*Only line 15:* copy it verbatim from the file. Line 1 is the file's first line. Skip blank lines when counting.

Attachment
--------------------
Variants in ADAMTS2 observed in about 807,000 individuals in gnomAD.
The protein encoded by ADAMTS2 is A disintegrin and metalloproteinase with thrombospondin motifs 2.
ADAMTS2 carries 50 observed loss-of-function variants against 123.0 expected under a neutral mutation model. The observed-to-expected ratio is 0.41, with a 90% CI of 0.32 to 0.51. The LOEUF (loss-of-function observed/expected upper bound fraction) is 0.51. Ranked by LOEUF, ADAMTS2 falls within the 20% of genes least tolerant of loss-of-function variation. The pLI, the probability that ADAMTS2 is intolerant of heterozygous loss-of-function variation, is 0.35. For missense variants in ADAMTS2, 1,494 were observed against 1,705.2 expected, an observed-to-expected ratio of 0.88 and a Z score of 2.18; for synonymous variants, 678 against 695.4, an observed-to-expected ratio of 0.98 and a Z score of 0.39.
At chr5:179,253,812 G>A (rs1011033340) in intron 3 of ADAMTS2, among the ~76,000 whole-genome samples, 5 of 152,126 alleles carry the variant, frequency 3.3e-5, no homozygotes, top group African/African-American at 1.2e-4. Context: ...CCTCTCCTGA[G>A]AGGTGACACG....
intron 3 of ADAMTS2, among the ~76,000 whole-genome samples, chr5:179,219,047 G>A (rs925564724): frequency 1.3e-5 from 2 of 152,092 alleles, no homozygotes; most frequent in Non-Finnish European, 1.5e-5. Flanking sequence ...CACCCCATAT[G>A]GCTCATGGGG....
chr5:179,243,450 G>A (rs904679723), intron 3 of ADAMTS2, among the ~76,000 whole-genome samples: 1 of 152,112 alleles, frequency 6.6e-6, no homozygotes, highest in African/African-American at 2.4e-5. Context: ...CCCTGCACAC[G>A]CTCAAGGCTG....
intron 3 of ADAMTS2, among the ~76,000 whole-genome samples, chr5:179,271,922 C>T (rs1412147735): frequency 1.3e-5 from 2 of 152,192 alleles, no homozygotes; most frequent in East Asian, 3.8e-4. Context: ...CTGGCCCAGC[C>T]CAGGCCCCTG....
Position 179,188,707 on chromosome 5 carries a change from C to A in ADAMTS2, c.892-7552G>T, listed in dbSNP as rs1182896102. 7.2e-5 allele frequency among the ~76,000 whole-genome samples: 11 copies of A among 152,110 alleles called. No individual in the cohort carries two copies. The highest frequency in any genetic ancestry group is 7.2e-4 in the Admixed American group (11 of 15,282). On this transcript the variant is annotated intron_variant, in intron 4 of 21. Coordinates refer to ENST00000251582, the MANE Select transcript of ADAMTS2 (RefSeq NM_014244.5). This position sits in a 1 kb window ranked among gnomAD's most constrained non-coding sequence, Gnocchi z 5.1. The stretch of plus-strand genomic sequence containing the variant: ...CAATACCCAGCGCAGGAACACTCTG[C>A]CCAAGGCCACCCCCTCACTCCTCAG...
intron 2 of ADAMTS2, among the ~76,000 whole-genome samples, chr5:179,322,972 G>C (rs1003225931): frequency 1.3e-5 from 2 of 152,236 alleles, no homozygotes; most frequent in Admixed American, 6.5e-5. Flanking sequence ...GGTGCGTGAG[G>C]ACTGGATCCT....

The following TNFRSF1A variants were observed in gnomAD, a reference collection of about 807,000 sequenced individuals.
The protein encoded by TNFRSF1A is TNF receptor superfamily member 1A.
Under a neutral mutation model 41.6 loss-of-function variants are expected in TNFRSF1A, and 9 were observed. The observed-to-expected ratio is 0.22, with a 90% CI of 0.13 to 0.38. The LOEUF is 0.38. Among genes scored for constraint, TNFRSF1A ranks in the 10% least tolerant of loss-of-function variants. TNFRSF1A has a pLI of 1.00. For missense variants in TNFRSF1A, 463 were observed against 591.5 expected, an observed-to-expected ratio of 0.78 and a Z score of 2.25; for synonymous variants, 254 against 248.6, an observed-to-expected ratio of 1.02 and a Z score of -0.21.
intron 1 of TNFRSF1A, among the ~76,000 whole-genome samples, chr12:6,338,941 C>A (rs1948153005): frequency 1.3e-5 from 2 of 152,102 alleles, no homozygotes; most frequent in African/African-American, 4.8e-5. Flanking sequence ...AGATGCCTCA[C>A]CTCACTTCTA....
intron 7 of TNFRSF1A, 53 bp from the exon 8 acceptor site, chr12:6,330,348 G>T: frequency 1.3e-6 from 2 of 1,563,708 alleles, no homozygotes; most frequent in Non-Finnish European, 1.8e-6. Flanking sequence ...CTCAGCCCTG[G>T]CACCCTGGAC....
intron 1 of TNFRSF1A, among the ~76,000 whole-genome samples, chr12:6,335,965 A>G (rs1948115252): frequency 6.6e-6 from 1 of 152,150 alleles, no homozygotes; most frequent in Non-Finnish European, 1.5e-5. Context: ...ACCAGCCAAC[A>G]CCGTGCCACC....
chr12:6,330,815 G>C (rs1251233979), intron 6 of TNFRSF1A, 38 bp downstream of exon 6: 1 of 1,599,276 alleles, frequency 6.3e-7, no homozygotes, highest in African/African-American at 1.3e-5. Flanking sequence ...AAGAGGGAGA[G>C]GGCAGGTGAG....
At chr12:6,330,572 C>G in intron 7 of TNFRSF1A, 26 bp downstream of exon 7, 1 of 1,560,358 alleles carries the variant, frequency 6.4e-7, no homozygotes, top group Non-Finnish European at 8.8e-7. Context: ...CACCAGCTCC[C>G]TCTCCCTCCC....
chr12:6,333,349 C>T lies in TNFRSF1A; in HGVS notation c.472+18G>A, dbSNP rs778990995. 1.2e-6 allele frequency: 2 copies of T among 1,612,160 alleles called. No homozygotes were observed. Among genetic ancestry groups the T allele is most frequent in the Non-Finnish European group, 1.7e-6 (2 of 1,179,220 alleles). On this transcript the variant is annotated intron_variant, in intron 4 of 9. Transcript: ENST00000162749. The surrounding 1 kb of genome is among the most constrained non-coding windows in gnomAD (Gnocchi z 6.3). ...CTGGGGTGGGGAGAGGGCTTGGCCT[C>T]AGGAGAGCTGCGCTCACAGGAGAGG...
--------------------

intron 1 of TNFRSF1A, among the ~76,000 whole-genome samples, chr12:6,335,965 A>G (rs1948115252): frequency 6.6e-6 from 1 of 152,150 alleles, no homozygotes; most frequent in Non-Finnish European, 1.5e-5. Context: ...ACCAGCCAAC[A>G]CCGTGCCACC....